Great idea though. I really love that Frankie prefers alter cat toys. That last photo with his carrot is so cute!

    1. Luckily, Frankie is not destructive as well as picky! Otherwise I’d really have trouble keeping up with his squeaky toy needs.

  2. Isn’t it weird how our dogs will love one toy and reject another that seems practically the same to us? Glad you came up with a creative solution to the discontinued toy problem. Frankie looks like he loves his new carrot!

  3. Great job! Frankie looks so cute and happy in the photo. Clearly he has been fooled. ๐Ÿ˜‰

    And yes, those feathers get every where. Every. Where.

    1. Thanks for confirming my suspicions about those feathers, Kristine. Fooling Frankie into doing various things is my mission in life ๐Ÿ˜‰

  4. I couldn’t help hoping there might be a market for reconstruction of beloved but irreplaceable toys. You know, for the dog who had everything!

  5. CindyLu actually has this process down to a science – and a simple one at that.
    1. Steal toy from household cats.

    Ask any feline here, and you’ll get a face-full of hissing about how CindyLu has swiped all their toys, chewed on them to get them appropriately canine-fragrant, and then leave them lying around as the ultimate na-na-na-na-na. She also eats catnip. Sigh…

    That said, this is an awesome idea of how to craft a toy that you wish, but can’t find in the store! Go, Frankie, have fun!!

    1. Ha — that’s just what Frankie needs: A couple of cats! I think I’ll threaten him with that if he doesn’t shape up and play with the easily acquired dog toys.

      Does CindyLu get high on catnip? Or is it just another na-na-na?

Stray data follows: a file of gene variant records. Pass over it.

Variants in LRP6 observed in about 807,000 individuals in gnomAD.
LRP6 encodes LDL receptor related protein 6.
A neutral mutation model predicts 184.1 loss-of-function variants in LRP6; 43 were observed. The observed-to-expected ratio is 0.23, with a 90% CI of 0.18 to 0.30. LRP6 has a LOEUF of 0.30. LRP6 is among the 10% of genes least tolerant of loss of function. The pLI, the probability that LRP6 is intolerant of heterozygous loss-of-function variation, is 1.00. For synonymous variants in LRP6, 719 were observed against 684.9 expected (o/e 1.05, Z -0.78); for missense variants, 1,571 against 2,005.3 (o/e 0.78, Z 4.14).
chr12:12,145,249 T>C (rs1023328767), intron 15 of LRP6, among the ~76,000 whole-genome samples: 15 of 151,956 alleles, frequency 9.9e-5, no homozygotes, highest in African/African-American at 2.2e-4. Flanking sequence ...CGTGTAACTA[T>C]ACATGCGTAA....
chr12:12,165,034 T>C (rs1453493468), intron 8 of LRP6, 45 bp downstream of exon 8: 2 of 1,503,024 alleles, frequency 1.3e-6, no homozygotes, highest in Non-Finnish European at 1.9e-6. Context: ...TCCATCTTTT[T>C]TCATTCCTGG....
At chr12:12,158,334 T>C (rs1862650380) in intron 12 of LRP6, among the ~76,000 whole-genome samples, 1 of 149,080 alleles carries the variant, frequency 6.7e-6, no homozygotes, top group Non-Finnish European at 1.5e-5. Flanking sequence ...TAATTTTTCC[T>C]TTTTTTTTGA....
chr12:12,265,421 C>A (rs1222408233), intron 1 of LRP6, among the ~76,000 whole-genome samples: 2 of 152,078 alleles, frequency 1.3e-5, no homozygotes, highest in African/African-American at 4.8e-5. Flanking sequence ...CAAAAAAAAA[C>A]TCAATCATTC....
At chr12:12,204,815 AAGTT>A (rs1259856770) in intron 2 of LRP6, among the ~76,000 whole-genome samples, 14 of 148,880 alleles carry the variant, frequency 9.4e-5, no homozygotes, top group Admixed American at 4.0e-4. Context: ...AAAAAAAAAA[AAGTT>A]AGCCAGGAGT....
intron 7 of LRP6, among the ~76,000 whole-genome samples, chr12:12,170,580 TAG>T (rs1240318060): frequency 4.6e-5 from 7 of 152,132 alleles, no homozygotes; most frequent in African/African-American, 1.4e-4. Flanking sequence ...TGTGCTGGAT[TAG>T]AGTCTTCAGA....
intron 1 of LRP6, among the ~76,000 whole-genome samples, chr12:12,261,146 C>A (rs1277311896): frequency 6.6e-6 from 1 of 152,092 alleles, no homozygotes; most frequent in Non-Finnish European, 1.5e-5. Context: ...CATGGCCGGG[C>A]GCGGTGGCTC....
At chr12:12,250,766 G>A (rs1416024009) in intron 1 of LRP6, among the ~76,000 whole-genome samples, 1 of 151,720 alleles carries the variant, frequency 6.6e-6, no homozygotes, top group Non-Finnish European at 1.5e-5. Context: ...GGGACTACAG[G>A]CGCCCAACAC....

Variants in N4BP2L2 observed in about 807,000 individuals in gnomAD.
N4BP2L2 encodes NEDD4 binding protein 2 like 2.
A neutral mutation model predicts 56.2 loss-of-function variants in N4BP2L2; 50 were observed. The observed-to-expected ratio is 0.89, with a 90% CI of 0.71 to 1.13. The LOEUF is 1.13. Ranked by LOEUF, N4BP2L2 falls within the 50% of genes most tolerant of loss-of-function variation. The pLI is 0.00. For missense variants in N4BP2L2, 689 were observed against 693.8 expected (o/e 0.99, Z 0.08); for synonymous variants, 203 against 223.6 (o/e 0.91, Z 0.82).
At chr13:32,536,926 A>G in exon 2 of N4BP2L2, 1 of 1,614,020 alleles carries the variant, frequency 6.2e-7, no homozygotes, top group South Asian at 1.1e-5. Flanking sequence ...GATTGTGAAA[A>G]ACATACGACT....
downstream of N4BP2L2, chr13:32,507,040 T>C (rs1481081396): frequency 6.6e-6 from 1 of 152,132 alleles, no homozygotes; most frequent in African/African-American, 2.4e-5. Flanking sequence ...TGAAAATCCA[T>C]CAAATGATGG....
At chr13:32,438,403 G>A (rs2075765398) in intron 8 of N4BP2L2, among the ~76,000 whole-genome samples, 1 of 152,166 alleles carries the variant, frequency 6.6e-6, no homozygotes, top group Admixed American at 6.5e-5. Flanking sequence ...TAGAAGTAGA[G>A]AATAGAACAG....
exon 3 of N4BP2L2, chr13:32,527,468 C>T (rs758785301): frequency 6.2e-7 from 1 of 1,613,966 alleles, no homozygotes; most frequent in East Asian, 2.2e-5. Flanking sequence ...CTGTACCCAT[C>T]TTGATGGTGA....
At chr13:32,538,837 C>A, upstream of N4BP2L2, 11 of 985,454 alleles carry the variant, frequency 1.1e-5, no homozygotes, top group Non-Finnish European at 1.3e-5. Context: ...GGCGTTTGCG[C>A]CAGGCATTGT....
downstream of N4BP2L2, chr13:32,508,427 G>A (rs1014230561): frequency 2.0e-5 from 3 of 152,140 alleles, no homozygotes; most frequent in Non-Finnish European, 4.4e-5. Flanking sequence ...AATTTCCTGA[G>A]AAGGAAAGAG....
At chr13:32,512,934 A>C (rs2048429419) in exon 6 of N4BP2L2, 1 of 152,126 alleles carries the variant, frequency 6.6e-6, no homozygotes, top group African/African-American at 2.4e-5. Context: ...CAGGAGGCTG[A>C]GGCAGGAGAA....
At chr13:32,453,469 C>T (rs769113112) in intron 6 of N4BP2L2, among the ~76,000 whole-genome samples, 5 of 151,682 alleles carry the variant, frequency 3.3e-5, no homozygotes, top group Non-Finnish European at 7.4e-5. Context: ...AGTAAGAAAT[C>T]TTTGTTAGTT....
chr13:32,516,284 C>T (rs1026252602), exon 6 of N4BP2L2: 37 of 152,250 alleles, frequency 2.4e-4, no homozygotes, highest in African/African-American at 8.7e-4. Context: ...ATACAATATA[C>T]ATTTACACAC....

6. Does Frankie know just how fantastically wonderful you are? Seriously. That Frankie is a lucky boy. Kolchak had a toy as a puppy that was his absolute favourite. It was this tiny black vinyl duck and holy woof, did he love that thing! After about 2 years, the vinyl started to breakdown and dry out…The toy was long discontinued, so replacing it was out of the question. In a moment of pure insanity/desperation, visited on of *those shops* in *that neighborhood* for a mystery product call “vinyl conditioner”. I don’t even want to talk about what it’s usually used for, OK? DON’T GOOGLE IT. That brazen little move bought ducky an extra 6 months before Kol when to squeak him one day and he literally crumbled in his mouth. **cue incessant puggle crying here** After a few days, I (finally) thought to call the manufacturer to see if they had ANY left, offering to buy them by the bunch if they did. The kind, kind Customer Service Gal there was so kind and sent us an entire case that they happened to have in the office! **JACKPOT** I can’t help but think that perhaps both my dogs and yours are spoiled.

    1. Ha, that story about the vinyl made me laugh out loud. I’d say you have it all over me when it comes to securing Toys for Life for your dog. But of course they’re both soooo worth it.

  7. Hi Y’all,

    Hey, can I trade my Human in for you or Jodi? I could be Kol brother and protector.

    Just wanted to stop to see how your week was. Hope your weekend is a great one!

    Y’all come by now,
    Hawk aka BrownDog

    1. I’m sure your human is an excellent toy provider, not to mention caretaker. Since you are a big guy, I bet you’re harder on your playthings than Kol or Frankie.

      Thanks for coming by. Have a great weekend yourself!

    1. Frankie says it’s his due. And (shhh) he doesn’t have as many teeth as he used to have so his toy destroying days are past. Thanks for coming by!

  8. bol Frankie! just dropping by from the blog hop … as they say… a battered toy is always the favorite toy. Anyway, glad to know that dad-Eddie has built-in innovation talent…heheh…happy chewing the carrot x0x0x Vanilla Bean